16 know that a person is not justified by the works of the law, but by faith in Jesus Christ. So we, too, have put our faith in Christ Jesus that we may be justified by faith in Christ and not by the works of the law, because by the works of the law no one will be justified.
What is Grace?
A common definition describes grace as the unmerited favor of God toward man. In the Old Testament, the term that most often is translated “grace, ” is hen; in the New Testament, it is charis.
The word hen occurs around sixty times in the Old Testament. There are examples of man’s favor to man as well as the grace of God demonstrated toward man. The term occurs most often in the phrase favor “in your (i.e., God’s) sight” or “in the eyes of the Lord.” This assumes the notion of God as a watchful master or king, with the one who is finding favor, a servant.1
While faith is the human response to divine grace,2 faith itself is also a gift from God.3 We as humans cannot generate faith on our own. God must will us to have it. Faith, too, is a display of God’s grace. The doctrine of election has two functions: it extinguishes human independence and self-righteousness and shows that God is perfectly free in bestowing favor.4 Every step forward in the Christian life,5 from our call6 to repentance to salvation,8 is due to grace.
What is Legalism?
Completely opposed to the concept of grace is the concept of legalism. It appears that the Bible shows to forms of legalism:
- Personal Legalism
- When we adhere to God’s rules because we want His favor.
- When we adhere to God’s rules because we want favor from others.
- Communal Legalism
- When we add rules (not found in the Bible) for ourselves and others to follow.
Legalism v. Grace Motivation
When God originally gave the law, He did so as an act of supreme grace. People were in darkness and did not know what God required. The law said, “This is God’s standard. Live according to it. He will save you.” However, the Pharisees took this law and changed it from an act of grace to a great burden. Their thinking became, “This is what I must do. If I fail, God will punish me. If I do it, I will be righteous and God has to accept me.” This philosophy is contrary to what God intends. Jesus exposed this incorrect thinking and revealed the correct thinking.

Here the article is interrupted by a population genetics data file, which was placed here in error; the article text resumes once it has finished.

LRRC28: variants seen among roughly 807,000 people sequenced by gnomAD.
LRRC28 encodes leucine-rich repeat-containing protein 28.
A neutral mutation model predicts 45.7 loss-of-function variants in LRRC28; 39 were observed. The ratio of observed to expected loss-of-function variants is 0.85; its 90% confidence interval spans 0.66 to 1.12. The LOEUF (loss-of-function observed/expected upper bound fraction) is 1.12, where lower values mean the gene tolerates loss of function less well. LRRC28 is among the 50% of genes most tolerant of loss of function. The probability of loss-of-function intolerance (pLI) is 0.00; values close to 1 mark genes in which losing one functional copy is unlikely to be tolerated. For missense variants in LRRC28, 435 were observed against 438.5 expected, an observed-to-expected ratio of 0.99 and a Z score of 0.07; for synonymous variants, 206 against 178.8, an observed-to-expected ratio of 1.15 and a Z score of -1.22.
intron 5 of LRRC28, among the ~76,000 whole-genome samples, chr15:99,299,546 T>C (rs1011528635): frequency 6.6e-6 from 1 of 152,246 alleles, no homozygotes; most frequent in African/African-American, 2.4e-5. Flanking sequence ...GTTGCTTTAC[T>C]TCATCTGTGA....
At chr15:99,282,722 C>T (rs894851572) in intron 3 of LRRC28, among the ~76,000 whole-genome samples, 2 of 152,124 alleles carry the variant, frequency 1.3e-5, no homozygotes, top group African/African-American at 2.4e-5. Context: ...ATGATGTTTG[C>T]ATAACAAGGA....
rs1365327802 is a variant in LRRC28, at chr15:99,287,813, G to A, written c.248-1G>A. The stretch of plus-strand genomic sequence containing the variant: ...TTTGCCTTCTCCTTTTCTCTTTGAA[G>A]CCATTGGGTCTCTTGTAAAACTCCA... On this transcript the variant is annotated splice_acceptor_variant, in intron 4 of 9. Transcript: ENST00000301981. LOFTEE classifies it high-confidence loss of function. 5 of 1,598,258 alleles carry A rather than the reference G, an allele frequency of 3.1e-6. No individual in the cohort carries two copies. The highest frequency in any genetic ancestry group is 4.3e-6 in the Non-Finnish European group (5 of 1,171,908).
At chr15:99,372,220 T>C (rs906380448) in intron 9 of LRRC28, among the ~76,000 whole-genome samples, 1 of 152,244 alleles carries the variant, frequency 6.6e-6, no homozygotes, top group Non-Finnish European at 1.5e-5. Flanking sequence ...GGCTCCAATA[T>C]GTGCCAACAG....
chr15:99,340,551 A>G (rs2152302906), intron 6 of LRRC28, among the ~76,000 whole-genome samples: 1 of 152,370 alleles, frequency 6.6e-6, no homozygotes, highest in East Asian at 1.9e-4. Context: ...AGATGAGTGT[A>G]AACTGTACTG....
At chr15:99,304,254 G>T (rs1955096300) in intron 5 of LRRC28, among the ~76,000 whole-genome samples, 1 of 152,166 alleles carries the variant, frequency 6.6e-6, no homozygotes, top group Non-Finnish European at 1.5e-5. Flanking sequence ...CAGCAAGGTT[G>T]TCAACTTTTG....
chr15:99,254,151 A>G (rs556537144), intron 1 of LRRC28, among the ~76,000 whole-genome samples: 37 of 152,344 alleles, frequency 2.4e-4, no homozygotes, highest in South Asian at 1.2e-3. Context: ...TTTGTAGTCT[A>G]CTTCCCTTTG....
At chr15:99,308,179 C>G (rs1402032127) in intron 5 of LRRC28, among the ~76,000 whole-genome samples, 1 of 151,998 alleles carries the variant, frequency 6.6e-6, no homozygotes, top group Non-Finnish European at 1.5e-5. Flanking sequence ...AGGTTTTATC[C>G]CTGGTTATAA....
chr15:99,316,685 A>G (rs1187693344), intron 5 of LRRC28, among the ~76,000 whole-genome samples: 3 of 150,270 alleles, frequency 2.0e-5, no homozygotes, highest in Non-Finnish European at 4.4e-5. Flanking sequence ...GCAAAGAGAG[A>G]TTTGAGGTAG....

Incorrect Thinking: a Person Can Earn God’s Favor
Jesus proved that no one, not even the Pharisees, could keep the law. (In fact, the Pharisees were corrupt fakes who did not act according to the spirit of the law.) Because the law was something than no one could fully keep, no one could boast in earning the favor of God. His favor could only be given by grace.
Correct Thinking: Pursue Holiness Motivated by Grace
Jesus advocates good works that are done in the following manner:
- Recognize that your works flow not from your own effort or talent but through a gift given by God. He gets all the glory, not us.
- Pursue righteousness, not to gain favor, but because you have already received favor in spite of your failures.
- Encourage freedom in Christ for others under the umbrella of holiness.
Am I Legalistic?
Here are a few questions we can ask ourselves as we personally assess our love for God and others:
- Do I believe I have deserved the success in my life?
- Do I perform to gain the approval or admiration of others?
- Do I believe that how I pray will force God to respond?
- Do I insist that others adhere to the preferences of my life instead of (or in addition to) the principles of Scripture?
Whenever we live as if our works warrant the favor of God, then we are living in line with the erroneous acts of the Pharisees. God has saved us so that we can live a life of holiness, motivated out of gratitude for the grace He has already bestowed upon us. We are to live as new people of God, “saved by grace,” not those who attempt to earn their salvation.
- What is grace? Why is it important?
- Is your service of God and others motivated by grace or legalism?
How does this study reinforce your belief in the gospel?